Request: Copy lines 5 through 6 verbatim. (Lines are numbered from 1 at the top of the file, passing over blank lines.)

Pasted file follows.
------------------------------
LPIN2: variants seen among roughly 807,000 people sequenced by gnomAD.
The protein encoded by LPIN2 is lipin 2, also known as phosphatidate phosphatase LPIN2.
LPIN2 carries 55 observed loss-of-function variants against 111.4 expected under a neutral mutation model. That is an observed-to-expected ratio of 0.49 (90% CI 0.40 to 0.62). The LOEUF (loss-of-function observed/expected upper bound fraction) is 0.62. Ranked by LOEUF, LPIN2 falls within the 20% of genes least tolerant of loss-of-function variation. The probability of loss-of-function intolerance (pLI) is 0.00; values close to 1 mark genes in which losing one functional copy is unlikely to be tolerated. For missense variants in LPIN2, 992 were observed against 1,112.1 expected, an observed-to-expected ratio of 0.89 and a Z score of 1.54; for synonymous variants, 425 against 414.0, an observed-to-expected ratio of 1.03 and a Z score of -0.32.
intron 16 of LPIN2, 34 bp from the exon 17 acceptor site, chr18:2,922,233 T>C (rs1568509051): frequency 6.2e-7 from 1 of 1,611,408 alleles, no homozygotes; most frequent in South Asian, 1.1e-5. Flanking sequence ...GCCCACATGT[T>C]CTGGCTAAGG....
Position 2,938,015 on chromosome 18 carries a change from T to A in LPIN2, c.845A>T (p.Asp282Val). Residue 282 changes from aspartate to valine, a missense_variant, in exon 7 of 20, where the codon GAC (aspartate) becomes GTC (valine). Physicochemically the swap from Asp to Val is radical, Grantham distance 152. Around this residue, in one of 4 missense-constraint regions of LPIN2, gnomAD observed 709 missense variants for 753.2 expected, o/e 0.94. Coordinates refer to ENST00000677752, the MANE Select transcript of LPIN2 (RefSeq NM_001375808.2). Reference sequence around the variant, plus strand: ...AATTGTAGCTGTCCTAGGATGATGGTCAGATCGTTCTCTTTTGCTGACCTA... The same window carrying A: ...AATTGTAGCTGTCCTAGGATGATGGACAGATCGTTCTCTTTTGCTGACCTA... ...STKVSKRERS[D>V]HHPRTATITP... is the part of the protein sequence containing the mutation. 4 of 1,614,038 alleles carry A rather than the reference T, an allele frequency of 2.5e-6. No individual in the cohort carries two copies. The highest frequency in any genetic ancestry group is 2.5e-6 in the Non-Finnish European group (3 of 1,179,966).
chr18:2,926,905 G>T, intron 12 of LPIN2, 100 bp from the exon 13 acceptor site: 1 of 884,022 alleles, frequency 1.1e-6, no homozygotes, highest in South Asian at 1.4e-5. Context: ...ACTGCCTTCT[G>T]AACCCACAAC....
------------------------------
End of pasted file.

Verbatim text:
Position 2,938,015 on chromosome 18 carries a change from T to A in LPIN2, c.845A>T (p.Asp282Val). Residue 282 changes from aspartate to valine, a missense_variant, in exon 7 of 20, where the codon GAC (aspartate) becomes GTC (valine). Physicochemically the swap from Asp to Val is radical, Grantham distance 152. Around this residue, in one of 4 missense-constraint regions of LPIN2, gnomAD observed 709 missense variants for 753.2 expected, o/e 0.94. Coordinates refer to ENST00000677752, the MANE Select transcript of LPIN2 (RefSeq NM_001375808.2). Reference sequence around the variant, plus strand: ...AATTGTAGCTGTCCTAGGATGATGGTCAGATCGTTCTCTTTTGCTGACCTA... The same window carrying A: ...AATTGTAGCTGTCCTAGGATGATGGACAGATCGTTCTCTTTTGCTGACCTA... ...STKVSKRERS[D>V]HHPRTATITP... is the part of the protein sequence containing the mutation. 4 of 1,614,038 alleles carry A rather than the reference T, an allele frequency of 2.5e-6. No individual in the cohort carries two copies. The highest frequency in any genetic ancestry group is 2.5e-6 in the Non-Finnish European group (3 of 1,179,966).
chr18:2,926,905 G>T, intron 12 of LPIN2, 100 bp from the exon 13 acceptor site: 1 of 884,022 alleles, frequency 1.1e-6, no homozygotes, highest in South Asian at 1.4e-5. Context: ...ACTGCCTTCT[G>T]AACCCACAAC....